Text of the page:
Introduction
Case overview
Aftermath


Introduction

On 27 April 2018 Judge Ostrager of the Commercial Division of the New York Supreme Court (New York's trial level court) enjoined Fujifilm Holdings Corp's proposed acquisition of a controlling interest in Xerox Corp, which was to be effected in three steps:

  • first through the redemption of Fuji's interest in a joint venture between Fuji and Xerox;
  • then through the issuance of new common shares of Xerox to Fuji; and
  • finally through the payment of a special dividend to the Xerox stockholders.(1)

The court also compelled Xerox to waive provisions of its advance notice bylaw, enabling activist investors to nominate a competing slate of directors after the otherwise applicable deadline. The court's decision has been recognised as precedent-setting New York case law and as a victory for activist shareholders (most notably, Carl Icahn, Xerox's largest shareholder, and Dar­win Deason, Xerox's third largest shareholder).

Case overview

The litigation centred on the conflicted role of Xerox CEO Jeff Jacobson and certain directors in the transac­tion. Icahn and Deason publicly opposed the trans­action, and Deason and certain Xerox stockholders sought to enjoin the deal. Following expedited discovery, the court held a preliminary injunction hearing, after which it enjoined the transaction. The court found that:
  • the plaintiffs had shown a likelihood of success on the merits of their claims; and
  • the transaction should not be eval­uated under the deferential business judgment standard of review because Jacobson and certain other Xerox directors were personally interested in the transaction.

In particu­lar, the court noted that Jacobson (who would otherwise have been fired as Xerox's CEO) would become the CEO of the combined company and that certain Xerox directors would have become directors of the combined company. As a result, the court applied the more rigorous entire fair­ness standard of review, holding that the transaction failed to meet both the fair dealing and fair price prongs of that test because:

  • the director defendants had acted in bad faith in structuring a deal that Xerox's own financial advisor had determined undervalued the company; and
  • Jacob­son had, on learning that he would be replaced, "abandoned the board's request to obtain a value-maximizing all-cash transaction and engineered the framework for a one-sided deal that includes Jacobson retaining his position as CEO post-transaction".

The court also determined that the plaintiffs' aiding and abetting claim against Fuji was likely to succeed on the merits. The court found that plaintiffs had established that Fuji's executives believed the acquisition "disproportionately favored Fuji at the expense of Xerox" and that they were well aware of, and benefited from, Jacobson's conflict.

Interestingly, the court's decision did not analyse two of the three elements under the controlling New York stan­dard for whether a preliminary injunction should be issued – namely:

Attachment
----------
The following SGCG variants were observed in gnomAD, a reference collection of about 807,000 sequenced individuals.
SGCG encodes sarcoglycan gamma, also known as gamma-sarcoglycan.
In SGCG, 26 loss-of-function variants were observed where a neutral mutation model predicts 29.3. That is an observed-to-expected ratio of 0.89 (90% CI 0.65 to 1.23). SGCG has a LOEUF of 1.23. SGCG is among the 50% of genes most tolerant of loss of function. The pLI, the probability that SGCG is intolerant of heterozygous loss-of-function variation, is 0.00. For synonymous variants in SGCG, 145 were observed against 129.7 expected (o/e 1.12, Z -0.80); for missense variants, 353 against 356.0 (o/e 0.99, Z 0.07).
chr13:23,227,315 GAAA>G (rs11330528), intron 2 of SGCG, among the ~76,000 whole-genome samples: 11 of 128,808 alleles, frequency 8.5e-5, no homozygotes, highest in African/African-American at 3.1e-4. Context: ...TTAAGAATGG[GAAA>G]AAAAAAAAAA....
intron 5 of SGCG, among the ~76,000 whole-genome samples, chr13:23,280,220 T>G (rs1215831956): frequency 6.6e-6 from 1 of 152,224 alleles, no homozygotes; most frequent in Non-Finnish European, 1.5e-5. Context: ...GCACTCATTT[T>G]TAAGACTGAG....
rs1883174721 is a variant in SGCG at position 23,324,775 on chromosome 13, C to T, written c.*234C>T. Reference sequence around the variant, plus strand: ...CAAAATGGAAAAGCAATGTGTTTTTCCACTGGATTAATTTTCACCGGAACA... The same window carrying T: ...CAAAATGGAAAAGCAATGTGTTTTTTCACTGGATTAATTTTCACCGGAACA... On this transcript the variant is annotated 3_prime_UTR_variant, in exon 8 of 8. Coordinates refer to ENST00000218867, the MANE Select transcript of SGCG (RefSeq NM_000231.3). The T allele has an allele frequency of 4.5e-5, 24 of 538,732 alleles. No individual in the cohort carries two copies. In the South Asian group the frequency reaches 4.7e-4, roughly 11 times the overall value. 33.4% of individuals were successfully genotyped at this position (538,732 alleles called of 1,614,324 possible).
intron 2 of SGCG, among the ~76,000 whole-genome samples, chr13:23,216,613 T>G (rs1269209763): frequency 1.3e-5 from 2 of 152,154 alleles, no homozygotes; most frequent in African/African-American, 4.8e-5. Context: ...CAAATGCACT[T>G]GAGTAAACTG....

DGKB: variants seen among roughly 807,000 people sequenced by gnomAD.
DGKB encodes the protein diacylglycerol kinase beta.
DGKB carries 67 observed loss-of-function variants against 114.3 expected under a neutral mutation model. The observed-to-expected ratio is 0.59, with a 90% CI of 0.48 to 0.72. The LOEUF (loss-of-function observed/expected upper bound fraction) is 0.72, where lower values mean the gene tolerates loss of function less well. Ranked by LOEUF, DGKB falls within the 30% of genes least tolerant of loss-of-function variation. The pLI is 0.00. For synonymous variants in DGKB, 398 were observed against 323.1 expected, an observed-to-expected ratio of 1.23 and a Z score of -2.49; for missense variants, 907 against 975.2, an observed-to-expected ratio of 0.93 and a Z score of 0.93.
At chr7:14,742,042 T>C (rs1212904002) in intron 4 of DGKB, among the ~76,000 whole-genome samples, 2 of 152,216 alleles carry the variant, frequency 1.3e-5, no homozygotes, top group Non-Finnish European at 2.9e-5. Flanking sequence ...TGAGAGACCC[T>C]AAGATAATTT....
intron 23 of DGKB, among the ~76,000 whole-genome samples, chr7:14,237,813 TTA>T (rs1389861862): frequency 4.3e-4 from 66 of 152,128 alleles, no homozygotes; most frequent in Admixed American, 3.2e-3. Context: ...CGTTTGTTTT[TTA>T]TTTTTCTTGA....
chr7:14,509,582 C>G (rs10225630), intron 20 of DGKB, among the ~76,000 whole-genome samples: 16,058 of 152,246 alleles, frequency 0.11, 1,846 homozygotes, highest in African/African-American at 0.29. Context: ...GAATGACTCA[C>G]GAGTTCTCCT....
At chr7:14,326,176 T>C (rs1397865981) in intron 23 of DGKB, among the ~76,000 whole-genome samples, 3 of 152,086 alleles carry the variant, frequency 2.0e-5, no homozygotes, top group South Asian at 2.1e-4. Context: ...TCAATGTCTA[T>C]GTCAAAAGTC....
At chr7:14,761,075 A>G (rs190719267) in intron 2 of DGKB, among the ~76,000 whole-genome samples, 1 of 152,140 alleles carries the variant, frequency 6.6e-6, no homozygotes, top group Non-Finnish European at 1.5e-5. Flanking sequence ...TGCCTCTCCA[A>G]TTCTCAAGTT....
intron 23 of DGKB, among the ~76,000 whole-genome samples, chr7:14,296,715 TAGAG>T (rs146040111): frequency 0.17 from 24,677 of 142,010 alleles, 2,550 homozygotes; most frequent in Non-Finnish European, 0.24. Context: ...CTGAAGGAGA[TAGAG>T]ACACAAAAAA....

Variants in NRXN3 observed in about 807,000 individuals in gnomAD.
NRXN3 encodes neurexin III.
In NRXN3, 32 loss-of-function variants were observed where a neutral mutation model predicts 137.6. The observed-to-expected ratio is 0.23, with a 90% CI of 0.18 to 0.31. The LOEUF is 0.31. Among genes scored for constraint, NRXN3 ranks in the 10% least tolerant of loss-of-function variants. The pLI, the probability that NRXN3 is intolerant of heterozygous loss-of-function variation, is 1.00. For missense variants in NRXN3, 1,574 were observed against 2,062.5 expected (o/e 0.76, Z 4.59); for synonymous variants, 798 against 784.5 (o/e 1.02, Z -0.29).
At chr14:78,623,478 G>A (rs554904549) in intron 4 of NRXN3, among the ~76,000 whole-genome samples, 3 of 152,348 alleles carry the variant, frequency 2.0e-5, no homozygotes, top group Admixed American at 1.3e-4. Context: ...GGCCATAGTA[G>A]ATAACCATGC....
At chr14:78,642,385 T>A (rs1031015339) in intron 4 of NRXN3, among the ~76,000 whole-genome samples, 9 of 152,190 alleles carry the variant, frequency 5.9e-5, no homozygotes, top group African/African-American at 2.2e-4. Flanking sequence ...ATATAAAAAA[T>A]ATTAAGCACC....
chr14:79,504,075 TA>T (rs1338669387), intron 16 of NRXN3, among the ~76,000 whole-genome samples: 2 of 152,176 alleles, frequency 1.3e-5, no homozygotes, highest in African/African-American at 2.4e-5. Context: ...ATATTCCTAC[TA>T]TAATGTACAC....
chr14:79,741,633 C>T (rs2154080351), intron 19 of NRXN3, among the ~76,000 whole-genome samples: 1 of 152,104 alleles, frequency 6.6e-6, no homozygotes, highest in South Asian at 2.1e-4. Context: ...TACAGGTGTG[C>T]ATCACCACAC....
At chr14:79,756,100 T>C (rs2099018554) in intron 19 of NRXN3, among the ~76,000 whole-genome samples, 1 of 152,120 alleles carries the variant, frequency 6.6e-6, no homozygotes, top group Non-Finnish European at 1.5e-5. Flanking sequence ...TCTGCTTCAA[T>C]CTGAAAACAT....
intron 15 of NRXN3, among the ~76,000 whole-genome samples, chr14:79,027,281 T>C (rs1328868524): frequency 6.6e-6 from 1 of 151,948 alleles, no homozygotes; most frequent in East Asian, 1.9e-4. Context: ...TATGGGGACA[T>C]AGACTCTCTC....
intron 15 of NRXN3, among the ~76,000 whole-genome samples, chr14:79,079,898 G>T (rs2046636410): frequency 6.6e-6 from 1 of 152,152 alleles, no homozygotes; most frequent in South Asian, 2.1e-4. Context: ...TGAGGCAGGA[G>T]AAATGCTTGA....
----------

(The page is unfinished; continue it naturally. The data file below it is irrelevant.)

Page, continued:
• whether the plaintiff has shown irreparable injury; and
  • whether the balance of equities weighs in favour of an injunction.

Here, the court focused solely on the plain­tiffs' probability of success on the merits and preliminarily enjoined the transaction despite the absence of any compet­ing bidder – an outcome that might not have occurred had this action been litigated in the Delaware courts.

Because the transaction was announced after the deadline for nominating directors to the board had already passed, the plaintiffs petitioned the court to compel Xerox to waive its advance notice bylaw and permit them to nom­inate a competing slate of directors. In the court's analy­sis of the issue, it adopted the Delaware test articulated in Hubbard v Hollywood, which is the first instance in which a non-Delaware court has adopted that test. The Hubbard standard provides that "a share­holder is entitled to a waiver of a corporation's advance notice deadline for nominating directors when there is a material change in circumstances of the corporation after the nomination deadline". In concluding that the plaintiffs had satisfied that standard, the New York court held that the board had caused a material change in circumstances to occur after the deadline. The court therefore compelled Xerox to waive its advance notice bylaw.

Aftermath

Following the court's decision, Jacobson and most of the other Xerox directors resigned and were replaced by rep­resentatives of Deason and Icahn. Xerox then ter­minated the merger agreement with Fuji. In response, Fuji has filed suit in New York federal court, seeking payment of the more than $1 billion termination fee provided for in the merger agreement, as well as billions in damages from synergies and other benefits Fuji claims it would have received had the transaction not been improperly terminat­ed.

For further information on this topic please contact Lisa Bebchick, Martin J Crisp or Marc Feldhamer at Ropes & Gray's New York office by telephone (+1 212 596 9000) or email ([email protected], [email protected] or [email protected]). Alternatively, contact Amanda Leese at Ropes & Gray LLP's Boston office by telephone (+1 617 951 7000) or email ([email protected]). The Ropes & Gray website can be accessed at www.ropesgray.com.

Endnotes

(1) In Re Xerox Corp Consol Shareholder Litig, 2018 WL 2054280, 2018 NY Slip Op 28137 (Supreme Court 27 April 2018).